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Why Are Squid Dangerous?

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Squid appear graceful as they glide through the water, often in large groups. Their peaceful appearance is deceiving, however. Squid are fierce predators, and many aren't afraid to attack human divers when the opportunity arises. Their strong tentacles can grab divers and pull them down, disorienting them while cutting through wetsuits and skin with sharp teeth and claws.


Squid can be dangerous because of their sheer numbers. They often travel in groups; one of the most aggressive species, the Humboldt squid, can live in groups of up to 1,200 animals. The numbers of aggressive squid appear to be growing near inhabited beaches, making them even more dangerous for swimmers and divers, especially at night when squid move up toward the surface. For example, ABC News in Los Angeles reports an explosion in the squid population off the southern California coast, likely a result of overfishing of squid predators such as marlin and sharks.


Squid are aggressive hunters, but some species are worse than others. The Humboldt squid is of particular danger to divers because it's large -- about the size of a man -- and shows little fear or hesitation when hunting prey. Colossal squid are just as aggressive and fast hunters, and they top out at 2,000 pounds. Thankfully, these giant sea creatures tend to stay in deeper water away from where humans typically dive.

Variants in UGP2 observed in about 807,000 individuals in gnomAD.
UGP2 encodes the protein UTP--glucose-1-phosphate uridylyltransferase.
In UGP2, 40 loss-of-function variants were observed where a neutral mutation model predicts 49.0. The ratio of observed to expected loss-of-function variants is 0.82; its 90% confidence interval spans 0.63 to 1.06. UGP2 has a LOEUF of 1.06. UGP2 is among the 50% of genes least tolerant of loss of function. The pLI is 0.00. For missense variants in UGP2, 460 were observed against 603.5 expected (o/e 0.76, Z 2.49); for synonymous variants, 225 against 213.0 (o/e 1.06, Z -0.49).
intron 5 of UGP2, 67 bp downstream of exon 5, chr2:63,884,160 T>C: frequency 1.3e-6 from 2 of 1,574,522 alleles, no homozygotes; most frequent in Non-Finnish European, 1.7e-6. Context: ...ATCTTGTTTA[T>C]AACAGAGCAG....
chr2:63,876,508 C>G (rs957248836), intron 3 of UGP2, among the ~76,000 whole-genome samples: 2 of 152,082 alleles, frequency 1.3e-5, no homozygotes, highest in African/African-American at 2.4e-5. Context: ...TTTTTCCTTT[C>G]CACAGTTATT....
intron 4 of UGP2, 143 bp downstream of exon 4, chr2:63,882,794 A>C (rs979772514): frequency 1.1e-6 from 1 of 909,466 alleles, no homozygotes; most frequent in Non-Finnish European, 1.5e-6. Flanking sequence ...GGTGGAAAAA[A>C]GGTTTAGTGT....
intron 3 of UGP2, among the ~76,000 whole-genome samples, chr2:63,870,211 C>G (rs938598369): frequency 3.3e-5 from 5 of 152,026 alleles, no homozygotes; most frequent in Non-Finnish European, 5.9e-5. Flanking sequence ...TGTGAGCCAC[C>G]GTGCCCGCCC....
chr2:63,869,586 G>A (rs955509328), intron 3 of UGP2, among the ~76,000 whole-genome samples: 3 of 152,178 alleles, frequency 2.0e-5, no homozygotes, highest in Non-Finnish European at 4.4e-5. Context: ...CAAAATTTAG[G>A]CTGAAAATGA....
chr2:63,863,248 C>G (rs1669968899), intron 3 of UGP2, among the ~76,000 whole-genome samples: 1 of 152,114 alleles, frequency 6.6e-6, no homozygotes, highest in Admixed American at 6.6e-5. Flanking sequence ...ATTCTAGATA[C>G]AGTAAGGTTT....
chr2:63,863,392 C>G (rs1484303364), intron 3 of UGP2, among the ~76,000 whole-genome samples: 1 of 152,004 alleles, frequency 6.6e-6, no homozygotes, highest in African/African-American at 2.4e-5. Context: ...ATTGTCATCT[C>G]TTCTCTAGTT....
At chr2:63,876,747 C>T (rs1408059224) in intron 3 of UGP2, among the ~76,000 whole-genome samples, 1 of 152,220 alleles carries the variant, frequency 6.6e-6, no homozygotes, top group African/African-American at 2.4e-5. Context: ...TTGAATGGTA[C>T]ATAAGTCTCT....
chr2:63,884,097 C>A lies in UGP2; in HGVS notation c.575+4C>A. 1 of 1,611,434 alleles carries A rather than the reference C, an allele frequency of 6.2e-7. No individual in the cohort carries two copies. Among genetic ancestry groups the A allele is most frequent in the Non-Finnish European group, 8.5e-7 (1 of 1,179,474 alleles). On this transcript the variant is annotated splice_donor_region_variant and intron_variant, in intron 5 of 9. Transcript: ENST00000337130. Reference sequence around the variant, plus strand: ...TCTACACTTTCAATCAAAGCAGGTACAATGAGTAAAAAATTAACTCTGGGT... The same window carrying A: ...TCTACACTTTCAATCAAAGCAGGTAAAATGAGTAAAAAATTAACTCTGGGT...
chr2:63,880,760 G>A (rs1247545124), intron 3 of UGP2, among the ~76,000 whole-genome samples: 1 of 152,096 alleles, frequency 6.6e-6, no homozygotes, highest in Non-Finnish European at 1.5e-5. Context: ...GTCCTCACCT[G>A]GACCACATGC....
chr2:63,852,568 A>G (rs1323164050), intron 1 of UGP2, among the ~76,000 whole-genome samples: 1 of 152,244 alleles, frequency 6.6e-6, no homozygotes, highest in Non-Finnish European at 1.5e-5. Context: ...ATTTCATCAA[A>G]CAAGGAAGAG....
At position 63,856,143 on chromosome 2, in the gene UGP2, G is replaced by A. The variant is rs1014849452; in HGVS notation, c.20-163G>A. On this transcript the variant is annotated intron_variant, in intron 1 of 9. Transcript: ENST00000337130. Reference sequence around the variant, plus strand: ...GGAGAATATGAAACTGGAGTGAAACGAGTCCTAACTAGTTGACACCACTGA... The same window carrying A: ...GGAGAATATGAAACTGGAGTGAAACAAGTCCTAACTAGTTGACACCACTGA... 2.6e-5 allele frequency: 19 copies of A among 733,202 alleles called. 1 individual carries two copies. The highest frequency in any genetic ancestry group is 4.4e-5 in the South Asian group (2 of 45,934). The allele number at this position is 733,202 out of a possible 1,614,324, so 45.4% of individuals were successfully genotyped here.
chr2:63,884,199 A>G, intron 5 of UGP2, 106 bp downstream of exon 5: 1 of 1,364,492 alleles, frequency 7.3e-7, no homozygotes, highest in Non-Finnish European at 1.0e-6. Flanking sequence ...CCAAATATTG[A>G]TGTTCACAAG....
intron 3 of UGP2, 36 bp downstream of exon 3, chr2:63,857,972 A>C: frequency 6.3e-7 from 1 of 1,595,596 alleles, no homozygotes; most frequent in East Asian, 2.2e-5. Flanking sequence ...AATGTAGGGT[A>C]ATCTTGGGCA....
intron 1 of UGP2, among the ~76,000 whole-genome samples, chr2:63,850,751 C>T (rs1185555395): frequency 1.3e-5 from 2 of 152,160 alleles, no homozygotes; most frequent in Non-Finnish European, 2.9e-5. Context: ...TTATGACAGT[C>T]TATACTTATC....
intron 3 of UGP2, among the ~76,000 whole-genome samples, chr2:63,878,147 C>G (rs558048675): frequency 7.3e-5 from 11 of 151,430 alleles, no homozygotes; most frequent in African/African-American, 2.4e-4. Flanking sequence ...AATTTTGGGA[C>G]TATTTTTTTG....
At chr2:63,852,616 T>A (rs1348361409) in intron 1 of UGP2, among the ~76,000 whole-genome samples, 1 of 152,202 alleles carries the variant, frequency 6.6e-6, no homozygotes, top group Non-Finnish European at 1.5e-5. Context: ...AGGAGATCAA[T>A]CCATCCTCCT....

When trying to avoid squid, divers might look for the telltale oblong shape and colors such as red or white. What makes squid dangerous is that their colors aren't constant. They have the ability to change color almost instantaneously to match their environment. If you spot a squid while diving, you could lose sight of him quickly as he morphs to blend in with the background. He can hit you from what seems like out of nowhere.

Teeth, Beaks and Claws

Many squid have more than suction cups on their tentacles -- they have sharp teeth or claws to grab prey. When a Humboldt squid grabs a diver, for example, he engages teeth that ring each suction cup. Each squid can have up to 35,000 teeth. These sharp teeth bite through protective swim gear to grasp and tear flesh. Squid with claws can rip and tear through your suit and skin. Squid also have sharp beaks designed to pierce the hard flesh and exoskeletons of sea creatures; your skin isn't a match for this strong mouthpiece.